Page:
LIVING THEIR PASSION
CSUF Leads the Way in Olympic Research and Service
August 5, 2016
Two thousand years ago, the ancient Greeks began a sporting competition that would become the world’s largest cultural event and a celebration of human aspirations: the Olympics.
More than 11,000 athletes from 206 countries are expected to participate in the 2016 Summer Olympics in Rio de Janeiro. Amidst several controversies — a major doping scandal, concerns over the Zika virus and polluted waters, economic and political strife — the highly anticipated
Aug. 5-21 games open tonight, calling on international spectators to take pause and be inspired by the Parade of Nations and lighting of the cauldron at Maracanã Stadium.
This year’s Olympic theme, “live your passion,” is an idea that Cal State Fullerton faculty, staff and students have long embraced in their scholarly and professional activities, bringing Titan spirit and pride to the global stage.
Three CSUF faculty members have dedicated their summers to training Olympians for the mental rigor of the games. Professor Lenny Wiersma serves as a sport psychology consultant for USA Swimming, while associate professors Traci Statler and Andrea Becker serve as lead sport psychology consultant for USA Track and Field and sport psychology coach for USA Men’s Volleyball, respectively. Journeying with their teams to Rio, Statler and Becker will have front-row seats to the Olympic action.
At least four alumni also are participating in the Rio games. Three-time Olympics reporter Marc Stein ’91 (B.A. communications) is covering Team USA basketball as senior writer for ESPN, while Larnie Boquiren ’04 (B.S. kinesiology) and Jimmy Stitz ’13 (M.S. kinesiology) use the skills they learned in CSUF’s athletic training program in their roles as head athletic trainer for USA Water Polo and strength and conditioning coach for USA women’s Volleyball. Former Titan basketball player Josh Akognon ’09 (B.A. ethnic studies) represents the men’s squad of Team Nigeria Basketball, joining an impressive history of Titan Olympians that dates back to the 1960 games in Rome.
Additionally, three professors are making their mark as Olympic scholars. Associate professors John Gleaves, Matt Llewellyn and assistant professor Toby Rider serve as co-directors of CSUF’s Center for Sociocultural Sport and Olympic Research, one of only three such centers in the United States. The center, which will be featured in the summer/fall issue of Titan magazine, also supported a Greece Study Abroad program this summer that placed 26 kinesiology students in the heart of the Olympic birthplace.
Faculty member Alison Wrynn, a veteran historian in the field of kinesiology, continues to champion gender equity in the games and has co-authored three reports on this topic.
Collectively, these Olympic stories point to a University engaged in outstanding research, professional activity, commitment to bringing these lessons back to students, and ultimately Titans living their passion.
“The Olympics are tied to so many issues of politics and human rights. It’s an important topic for students on our campus and everywhere.”
– Toby Rider, assistant professor of kinesiology
“Whenever I teach a sports psychology class, the examples that I give are grounded in real-world experiences.”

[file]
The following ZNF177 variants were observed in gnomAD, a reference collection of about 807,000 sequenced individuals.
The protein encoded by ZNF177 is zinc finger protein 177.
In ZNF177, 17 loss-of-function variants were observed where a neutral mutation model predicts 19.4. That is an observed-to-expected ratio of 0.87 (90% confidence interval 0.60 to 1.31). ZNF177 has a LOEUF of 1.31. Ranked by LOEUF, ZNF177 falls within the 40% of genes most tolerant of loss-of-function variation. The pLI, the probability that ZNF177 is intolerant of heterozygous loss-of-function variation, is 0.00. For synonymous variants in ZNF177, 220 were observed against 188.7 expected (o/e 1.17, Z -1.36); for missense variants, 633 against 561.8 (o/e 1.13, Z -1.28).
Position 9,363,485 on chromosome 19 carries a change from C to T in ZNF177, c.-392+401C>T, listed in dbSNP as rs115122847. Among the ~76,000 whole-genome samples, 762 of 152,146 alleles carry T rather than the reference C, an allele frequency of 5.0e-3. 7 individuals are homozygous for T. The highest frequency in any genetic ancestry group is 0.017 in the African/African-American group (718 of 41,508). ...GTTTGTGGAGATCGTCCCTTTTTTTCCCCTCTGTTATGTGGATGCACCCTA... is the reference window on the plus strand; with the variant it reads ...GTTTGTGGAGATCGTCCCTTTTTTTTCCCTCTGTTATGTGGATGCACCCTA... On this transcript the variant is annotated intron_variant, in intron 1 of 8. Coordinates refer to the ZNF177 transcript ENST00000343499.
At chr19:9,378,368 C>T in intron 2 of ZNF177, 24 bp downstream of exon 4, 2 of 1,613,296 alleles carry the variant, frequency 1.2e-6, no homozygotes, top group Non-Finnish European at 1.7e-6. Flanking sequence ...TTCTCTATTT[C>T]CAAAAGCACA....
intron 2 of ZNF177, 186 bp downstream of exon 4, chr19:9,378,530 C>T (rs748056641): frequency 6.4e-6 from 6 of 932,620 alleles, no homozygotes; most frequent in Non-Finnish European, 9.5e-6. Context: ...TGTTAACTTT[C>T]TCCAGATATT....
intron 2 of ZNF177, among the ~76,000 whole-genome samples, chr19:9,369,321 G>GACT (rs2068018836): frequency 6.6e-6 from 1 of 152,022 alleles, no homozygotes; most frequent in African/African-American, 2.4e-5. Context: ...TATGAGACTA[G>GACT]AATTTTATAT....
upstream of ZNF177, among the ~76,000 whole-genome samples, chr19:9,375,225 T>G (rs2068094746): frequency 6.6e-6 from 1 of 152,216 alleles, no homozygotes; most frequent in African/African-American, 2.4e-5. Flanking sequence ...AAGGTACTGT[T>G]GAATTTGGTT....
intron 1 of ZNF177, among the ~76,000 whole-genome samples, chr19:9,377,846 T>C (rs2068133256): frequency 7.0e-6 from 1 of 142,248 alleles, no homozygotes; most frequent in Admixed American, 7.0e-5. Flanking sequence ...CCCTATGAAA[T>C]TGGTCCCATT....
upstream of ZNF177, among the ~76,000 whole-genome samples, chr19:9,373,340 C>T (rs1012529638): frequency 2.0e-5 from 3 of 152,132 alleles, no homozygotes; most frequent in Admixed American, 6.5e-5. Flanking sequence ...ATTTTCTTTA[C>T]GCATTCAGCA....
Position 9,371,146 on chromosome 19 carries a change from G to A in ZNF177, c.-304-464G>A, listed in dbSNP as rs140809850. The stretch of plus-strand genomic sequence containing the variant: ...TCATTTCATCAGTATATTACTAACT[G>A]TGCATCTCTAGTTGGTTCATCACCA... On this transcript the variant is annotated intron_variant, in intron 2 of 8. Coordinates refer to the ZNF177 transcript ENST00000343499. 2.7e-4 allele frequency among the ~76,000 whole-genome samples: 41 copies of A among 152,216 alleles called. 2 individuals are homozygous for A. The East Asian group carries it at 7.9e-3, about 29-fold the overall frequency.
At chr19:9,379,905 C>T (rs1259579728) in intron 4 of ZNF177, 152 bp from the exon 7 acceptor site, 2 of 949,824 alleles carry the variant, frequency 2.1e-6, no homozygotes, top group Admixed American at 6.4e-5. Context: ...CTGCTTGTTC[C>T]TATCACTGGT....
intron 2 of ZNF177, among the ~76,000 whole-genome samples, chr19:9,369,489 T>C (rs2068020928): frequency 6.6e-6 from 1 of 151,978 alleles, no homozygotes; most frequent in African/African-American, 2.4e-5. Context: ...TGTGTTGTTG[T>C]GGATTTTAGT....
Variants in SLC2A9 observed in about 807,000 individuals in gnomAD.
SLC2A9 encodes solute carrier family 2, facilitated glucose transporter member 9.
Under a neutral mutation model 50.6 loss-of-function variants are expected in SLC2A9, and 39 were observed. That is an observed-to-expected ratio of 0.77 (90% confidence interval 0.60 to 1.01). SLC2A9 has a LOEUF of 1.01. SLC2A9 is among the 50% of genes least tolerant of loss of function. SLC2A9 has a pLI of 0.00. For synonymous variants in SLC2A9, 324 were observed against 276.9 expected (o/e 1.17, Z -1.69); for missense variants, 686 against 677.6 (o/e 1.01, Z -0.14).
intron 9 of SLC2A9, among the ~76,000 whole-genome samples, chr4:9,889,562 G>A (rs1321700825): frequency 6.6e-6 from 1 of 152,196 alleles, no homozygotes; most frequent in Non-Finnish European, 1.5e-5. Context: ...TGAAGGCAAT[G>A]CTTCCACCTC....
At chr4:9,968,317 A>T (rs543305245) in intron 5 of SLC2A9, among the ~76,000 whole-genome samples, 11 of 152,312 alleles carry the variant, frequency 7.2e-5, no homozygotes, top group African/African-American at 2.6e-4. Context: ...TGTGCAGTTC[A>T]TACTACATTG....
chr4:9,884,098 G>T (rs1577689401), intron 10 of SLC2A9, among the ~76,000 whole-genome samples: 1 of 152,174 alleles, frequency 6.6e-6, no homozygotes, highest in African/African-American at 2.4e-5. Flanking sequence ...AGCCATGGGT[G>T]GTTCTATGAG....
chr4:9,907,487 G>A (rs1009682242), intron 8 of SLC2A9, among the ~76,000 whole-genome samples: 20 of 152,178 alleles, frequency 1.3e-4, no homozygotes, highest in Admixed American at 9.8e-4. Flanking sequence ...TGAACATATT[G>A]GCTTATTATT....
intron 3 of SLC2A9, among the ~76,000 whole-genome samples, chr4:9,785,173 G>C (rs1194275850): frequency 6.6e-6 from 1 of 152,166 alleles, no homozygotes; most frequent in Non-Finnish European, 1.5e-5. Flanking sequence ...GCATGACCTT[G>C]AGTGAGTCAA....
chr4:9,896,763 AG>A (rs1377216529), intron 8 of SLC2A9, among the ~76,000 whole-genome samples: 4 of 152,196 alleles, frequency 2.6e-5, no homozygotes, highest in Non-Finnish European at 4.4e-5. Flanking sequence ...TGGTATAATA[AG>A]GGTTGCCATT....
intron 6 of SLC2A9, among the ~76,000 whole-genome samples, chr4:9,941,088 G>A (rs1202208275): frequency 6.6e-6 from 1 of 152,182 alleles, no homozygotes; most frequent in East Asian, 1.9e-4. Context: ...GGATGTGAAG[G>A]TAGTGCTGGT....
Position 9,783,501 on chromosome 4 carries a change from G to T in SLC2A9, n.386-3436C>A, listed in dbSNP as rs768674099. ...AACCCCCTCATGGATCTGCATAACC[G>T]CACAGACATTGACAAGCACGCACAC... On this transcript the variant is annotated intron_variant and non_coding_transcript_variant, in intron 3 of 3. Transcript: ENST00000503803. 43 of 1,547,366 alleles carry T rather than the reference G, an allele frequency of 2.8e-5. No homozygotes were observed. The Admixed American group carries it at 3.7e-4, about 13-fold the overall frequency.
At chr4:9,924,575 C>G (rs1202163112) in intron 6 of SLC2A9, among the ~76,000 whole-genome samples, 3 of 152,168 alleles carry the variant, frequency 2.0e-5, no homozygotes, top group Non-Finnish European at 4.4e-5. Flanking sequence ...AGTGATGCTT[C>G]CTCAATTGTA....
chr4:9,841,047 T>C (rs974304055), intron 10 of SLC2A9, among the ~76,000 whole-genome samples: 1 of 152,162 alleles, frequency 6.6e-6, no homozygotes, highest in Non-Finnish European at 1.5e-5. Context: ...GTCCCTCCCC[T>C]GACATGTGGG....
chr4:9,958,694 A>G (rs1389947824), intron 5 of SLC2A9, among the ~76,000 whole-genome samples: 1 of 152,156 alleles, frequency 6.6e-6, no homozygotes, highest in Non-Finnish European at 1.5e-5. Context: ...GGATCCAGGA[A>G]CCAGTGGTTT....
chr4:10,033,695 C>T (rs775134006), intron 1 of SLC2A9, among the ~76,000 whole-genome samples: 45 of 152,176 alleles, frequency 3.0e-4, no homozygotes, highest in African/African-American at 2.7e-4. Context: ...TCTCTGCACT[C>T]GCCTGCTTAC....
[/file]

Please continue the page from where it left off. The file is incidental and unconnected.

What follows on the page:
– Traci Statler, associate professor of kinesiology
“I use these conversations to help students think more broadly about professional ethics…. I want students to have their moral compass on before they’re in the field.”
– John Gleaves, associate professor of kinesiology
“It’s pretty special to be making my way at a time when women are just beginning to have opportunities on the men’s side of athletics.”
– Andrea Becker, associate professor of kinesiology
“I’ve had the unique opportunity to do this research so it’s incumbent upon me to share what I’ve learned.”
– Alison Wrynn, professor of kinesiology and director of undergraduate studies and general education
“My degree from CSUF is the foundation of my career, not just in the sciences of athletic training, but in the art of serving and caring for people.”
– Larnie Boquiren, alumna ’04 (B.S. kinesiology)
“It’s an opportunity to truly share the games with the people. To me, that’s what the Olympic games should be about.”
– Matt Llewellyn, associate professor of kinesiology
A member of the CSUF men’s basketball team from 2007-09, Josh Akognon ’09 (B.A. ethnic studies) was named to the Nigerian men’s basketball team for the Rio Olympics.
“This is a powerful example of a journalist and his editors failing to consider the harm that could come from their story.”
– Jason Shepard, chair and associate professor of communications
“After two years of working with the staff in the Kinesiology Department at CSUF, I left with a deep understanding of how great environments can be when they are filled with great people.”
– Jimmy Stitz, alumnus ’13 (M.S. kinesiology)
“Bronze wasn’t our initial goal, but we were really proud to come home with that medal.”
– Andrea Becker, associate professor of kinesiology
2016 Olympics is a series of stories highlighting Cal State Fullerton faculty, staff and athletes connected with the Summer Olympics in Rio de Janeiro. Follow the games Aug. 5-21, and join us on social media with the #CSUFOlympics.
Visit the “Summer Olympics Retrospective” exhibition at Pollak Library and Irvine Campus Library now through Aug. 21 to learn about the 1984 Summer Olympics in Los Angeles, during which CSUF’s Titan Gymnasium served as the official venue for team handball.